Clown show: What Edmonton's extremely-well-funded police force got up to in one week

Sometimes you just have to take a minute to marvel at what the Edmonton Police Service (EPS) gets up to. In just one week we saw the Alberta Serious Incident Response Team (ASIRT) release a report on a truly clownish negligent discharge of a firearm by a member of the EPS responsible for training other Edmonton police officers on how to safely use their guns. Then six cop cars managed to get into a massive traffic accident while in Calgary as part of an unofficial procession in a funeral for a Calgary police officer. Then it was revealed that a senior spokesperson and media relations professional for the EPS is a conspiracy theorist who called the pandemic the "#Scamdemic" and labelled Jason Kenney and Dr. Deena Hinshaw as “puppets for the globalists,” after public health restriction were extended. 

"Clown + Cop", Emoji Mashup Bot (

The ASIRT report is embarrassing. Back in June 2019 the people who train Edmonton police officers on how to safely use their guns were wrapping up their day, relaxing, throwing a tennis ball around and bouncing lasers from their training pistols off of mirrors and onto each other. As the report states, an officer popped up from behind a desk, hit their colleague playfully with their laser and popped back down behind the desk. In response the unnamed Edmonton police officer raised a real gun and pulled the trigger, shooting a live round at one of their colleagues.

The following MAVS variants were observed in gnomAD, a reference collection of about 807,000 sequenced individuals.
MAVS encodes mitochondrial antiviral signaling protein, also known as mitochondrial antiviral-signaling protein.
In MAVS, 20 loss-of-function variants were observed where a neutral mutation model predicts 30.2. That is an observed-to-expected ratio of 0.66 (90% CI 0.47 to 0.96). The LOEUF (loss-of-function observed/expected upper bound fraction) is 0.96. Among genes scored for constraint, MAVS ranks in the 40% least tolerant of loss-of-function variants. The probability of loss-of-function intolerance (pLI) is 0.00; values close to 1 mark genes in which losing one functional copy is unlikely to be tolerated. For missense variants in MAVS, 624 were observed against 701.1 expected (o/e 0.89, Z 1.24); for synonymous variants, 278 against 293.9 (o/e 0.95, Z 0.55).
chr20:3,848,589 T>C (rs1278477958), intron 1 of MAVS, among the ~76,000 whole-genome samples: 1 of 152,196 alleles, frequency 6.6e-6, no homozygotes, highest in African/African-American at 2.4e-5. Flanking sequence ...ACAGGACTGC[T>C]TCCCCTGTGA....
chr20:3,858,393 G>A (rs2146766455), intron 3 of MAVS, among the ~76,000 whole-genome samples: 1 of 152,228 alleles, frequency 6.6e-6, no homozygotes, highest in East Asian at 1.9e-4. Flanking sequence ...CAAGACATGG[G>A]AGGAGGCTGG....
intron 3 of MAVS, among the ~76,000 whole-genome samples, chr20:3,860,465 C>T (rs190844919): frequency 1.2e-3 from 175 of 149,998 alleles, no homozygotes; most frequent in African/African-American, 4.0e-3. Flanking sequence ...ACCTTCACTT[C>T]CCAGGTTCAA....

“Remarkably, the discharge of the firearm resulted in no injury to any of the many officers in the bullpen at the time… That no one was injured or killed was nothing short of exceptional good fortune,” said the report.” 

“If anything, a police officer, and in particular an officer who is a member of the Firearms Training Section, would be held to a higher standard regarding the safe handling of firearms. It is not unreasonable to expect that a firearms training officer’s conduct would model the high level of safety required for the handling and use of all weapons, including firearms,” said the report.